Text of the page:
Florent Schmitt was an innovative French composer whose 1907 ballet La tragédie de Salomé in some ways anticipated Stravinsky’s The Rite of Spring, and the Russian composer expressed admiration for his works.

His music had what someone called “an aggressive masculinity,” and when it came to judging the music of others, Schmitt could be just as blunt.

American composer Daniel Gregory Mason had great respect for Schmitt and thought his music better than that of Claude Debussy. He met Schmitt just once but came away with an impression of an outspoken and unabashed critic.

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They attended a Sunday afternoon concert in a stuffy hall. Schmitt grew drowsy during the slow movement of a learned but plodding symphony by his mentor André Gedalge.

“In a quiet passage,” Mason reported, “he lost himself a moment, dropping his hard derby hat on the floor with a resounding whack.”

Mason was told that after a performance of a symphony by Marcel Labey, Schmitt greeted the composer by saying, “Was it you that wrote that dreadful thing?”

During the 1930s, when he was music critic for Le Temps, Schmitt became notorious for his habit of shouting out his verdicts from his seat in the hall. One music publisher pronounced him “an irresponsible lunatic.”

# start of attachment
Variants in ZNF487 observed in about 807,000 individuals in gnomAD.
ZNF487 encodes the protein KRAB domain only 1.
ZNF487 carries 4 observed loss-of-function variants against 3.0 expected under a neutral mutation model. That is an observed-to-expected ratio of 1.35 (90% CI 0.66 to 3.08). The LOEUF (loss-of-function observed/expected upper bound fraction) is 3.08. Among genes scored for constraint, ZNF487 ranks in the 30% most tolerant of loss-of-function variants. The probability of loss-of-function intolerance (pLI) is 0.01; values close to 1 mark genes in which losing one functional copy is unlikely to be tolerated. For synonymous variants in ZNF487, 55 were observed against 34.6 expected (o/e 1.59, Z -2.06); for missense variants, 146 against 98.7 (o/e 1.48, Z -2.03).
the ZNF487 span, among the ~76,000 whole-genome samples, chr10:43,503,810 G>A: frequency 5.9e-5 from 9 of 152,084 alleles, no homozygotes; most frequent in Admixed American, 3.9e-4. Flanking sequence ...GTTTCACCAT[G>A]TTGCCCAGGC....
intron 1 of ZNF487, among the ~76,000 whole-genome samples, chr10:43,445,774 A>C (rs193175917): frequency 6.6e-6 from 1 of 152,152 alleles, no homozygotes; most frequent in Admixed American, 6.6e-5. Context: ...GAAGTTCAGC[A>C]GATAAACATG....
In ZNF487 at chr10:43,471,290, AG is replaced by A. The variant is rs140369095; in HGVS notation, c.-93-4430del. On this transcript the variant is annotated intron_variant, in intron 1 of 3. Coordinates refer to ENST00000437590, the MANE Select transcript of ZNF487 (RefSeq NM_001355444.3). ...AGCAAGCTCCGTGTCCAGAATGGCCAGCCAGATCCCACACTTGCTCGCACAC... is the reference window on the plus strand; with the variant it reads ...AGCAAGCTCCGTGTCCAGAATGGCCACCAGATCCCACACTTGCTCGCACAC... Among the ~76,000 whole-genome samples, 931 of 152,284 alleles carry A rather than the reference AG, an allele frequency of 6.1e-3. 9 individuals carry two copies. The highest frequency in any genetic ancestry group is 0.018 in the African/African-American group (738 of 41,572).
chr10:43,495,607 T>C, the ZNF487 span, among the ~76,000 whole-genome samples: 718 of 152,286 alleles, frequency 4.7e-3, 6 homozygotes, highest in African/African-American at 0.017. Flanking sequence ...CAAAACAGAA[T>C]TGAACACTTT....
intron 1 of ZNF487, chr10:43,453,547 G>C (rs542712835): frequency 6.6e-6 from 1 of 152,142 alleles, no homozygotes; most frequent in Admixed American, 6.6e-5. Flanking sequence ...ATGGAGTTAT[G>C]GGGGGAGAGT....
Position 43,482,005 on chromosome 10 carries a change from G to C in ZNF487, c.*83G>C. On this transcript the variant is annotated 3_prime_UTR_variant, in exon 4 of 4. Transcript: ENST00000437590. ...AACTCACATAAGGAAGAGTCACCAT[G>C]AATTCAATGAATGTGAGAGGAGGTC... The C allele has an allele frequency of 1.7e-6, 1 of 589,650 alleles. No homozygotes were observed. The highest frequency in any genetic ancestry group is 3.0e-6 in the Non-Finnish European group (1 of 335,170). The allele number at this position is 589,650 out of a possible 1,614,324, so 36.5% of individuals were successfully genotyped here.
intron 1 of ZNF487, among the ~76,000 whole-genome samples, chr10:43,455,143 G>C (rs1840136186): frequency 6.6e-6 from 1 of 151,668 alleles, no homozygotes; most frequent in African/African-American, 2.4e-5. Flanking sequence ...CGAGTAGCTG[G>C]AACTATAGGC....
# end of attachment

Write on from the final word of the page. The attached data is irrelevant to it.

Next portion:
He and Stravinsky had a falling out and Stravinsky reversed his endorsements of Schmitt’s works.

On the eve of World War II, he became increasingly controversial when he expressed pro-German sentiments. While he was director of the Conservatory at Lyons he was said to have talked parents out of enrolling their daughters of little talent.

“No wonder he lost the directorship,” Mason remarked.

Then he added, “But in the midst of the Parisian politesse, a surface under which knives were often concealed, one could not but admire Schmitt for carrying his knife at belt level like an honest pirate, and on occasion using it.”

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